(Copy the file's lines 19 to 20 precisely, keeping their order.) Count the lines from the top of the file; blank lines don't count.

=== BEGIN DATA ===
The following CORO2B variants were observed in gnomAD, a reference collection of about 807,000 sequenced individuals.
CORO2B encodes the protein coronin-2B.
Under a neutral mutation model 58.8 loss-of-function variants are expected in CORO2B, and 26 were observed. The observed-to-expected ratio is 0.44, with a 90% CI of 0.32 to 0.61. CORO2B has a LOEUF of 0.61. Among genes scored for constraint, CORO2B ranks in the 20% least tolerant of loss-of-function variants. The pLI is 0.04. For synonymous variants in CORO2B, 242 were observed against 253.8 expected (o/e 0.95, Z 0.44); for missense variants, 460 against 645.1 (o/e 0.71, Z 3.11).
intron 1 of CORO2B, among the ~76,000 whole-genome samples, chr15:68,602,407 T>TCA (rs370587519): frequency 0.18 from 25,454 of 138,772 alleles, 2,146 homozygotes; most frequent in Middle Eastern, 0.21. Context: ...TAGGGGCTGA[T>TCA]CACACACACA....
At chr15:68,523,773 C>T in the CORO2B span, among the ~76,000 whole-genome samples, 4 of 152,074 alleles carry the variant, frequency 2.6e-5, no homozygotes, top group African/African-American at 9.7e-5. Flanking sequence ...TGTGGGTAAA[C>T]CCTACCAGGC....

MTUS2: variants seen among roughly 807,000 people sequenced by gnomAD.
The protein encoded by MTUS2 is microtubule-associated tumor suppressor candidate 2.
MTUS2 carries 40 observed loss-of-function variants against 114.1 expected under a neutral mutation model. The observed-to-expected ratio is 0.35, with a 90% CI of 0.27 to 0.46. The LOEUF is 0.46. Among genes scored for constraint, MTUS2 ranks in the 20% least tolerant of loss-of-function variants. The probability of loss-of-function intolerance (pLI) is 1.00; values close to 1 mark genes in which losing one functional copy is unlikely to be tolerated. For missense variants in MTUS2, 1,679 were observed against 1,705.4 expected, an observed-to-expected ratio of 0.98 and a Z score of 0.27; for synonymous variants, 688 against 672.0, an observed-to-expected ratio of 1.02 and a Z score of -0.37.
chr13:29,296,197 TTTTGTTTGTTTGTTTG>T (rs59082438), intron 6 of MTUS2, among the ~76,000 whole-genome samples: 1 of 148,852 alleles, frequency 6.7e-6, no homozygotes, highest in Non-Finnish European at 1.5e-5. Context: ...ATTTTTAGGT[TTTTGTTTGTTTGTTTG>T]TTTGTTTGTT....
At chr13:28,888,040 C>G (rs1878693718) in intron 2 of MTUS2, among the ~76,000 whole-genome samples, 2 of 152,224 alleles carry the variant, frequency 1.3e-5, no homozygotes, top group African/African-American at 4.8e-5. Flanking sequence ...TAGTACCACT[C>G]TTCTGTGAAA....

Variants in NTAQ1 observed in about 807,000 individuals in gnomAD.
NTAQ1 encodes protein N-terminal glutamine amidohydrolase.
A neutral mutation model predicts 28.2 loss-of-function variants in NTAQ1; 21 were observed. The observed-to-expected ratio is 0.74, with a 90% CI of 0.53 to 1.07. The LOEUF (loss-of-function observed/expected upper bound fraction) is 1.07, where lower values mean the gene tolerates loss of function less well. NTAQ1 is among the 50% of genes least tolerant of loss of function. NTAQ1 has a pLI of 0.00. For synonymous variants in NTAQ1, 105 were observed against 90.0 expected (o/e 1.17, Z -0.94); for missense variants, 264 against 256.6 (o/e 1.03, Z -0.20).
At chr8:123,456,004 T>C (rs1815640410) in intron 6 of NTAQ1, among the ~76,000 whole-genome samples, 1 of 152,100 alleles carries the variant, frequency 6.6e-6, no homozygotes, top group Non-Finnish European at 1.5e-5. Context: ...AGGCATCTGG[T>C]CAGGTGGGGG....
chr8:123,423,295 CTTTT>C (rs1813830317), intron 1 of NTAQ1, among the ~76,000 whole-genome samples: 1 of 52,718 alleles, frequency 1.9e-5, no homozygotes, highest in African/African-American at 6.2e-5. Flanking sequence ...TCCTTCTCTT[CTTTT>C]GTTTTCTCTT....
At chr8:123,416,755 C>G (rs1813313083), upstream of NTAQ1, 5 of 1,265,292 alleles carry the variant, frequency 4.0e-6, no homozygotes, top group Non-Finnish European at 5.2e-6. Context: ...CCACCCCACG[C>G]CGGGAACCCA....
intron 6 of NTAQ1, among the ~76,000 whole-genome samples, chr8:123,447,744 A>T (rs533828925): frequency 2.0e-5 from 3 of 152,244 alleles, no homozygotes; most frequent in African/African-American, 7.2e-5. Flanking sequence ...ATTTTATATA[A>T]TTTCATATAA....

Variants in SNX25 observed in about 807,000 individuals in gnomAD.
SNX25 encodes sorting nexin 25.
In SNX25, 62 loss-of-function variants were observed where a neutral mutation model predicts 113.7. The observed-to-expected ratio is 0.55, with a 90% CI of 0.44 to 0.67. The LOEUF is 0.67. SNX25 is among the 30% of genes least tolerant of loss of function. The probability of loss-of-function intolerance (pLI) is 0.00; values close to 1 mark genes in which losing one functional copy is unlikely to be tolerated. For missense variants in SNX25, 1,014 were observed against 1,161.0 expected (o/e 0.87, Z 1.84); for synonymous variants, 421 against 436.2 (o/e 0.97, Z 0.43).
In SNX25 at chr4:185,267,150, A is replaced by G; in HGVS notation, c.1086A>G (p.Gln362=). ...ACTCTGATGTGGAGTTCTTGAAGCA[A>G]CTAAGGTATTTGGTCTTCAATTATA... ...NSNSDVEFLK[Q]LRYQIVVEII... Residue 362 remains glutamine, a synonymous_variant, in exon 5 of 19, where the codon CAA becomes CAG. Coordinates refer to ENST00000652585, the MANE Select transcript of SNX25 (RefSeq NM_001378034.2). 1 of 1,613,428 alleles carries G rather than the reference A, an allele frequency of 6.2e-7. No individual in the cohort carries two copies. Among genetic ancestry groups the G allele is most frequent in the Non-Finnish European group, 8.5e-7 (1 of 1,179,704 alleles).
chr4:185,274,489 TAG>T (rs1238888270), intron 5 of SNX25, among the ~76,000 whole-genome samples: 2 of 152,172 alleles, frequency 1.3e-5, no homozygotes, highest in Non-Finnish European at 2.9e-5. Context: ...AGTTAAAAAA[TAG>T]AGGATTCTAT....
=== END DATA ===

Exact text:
SNX25 encodes sorting nexin 25.
In SNX25, 62 loss-of-function variants were observed where a neutral mutation model predicts 113.7. The observed-to-expected ratio is 0.55, with a 90% CI of 0.44 to 0.67. The LOEUF is 0.67. SNX25 is among the 30% of genes least tolerant of loss of function. The probability of loss-of-function intolerance (pLI) is 0.00; values close to 1 mark genes in which losing one functional copy is unlikely to be tolerated. For missense variants in SNX25, 1,014 were observed against 1,161.0 expected (o/e 0.87, Z 1.84); for synonymous variants, 421 against 436.2 (o/e 0.97, Z 0.43).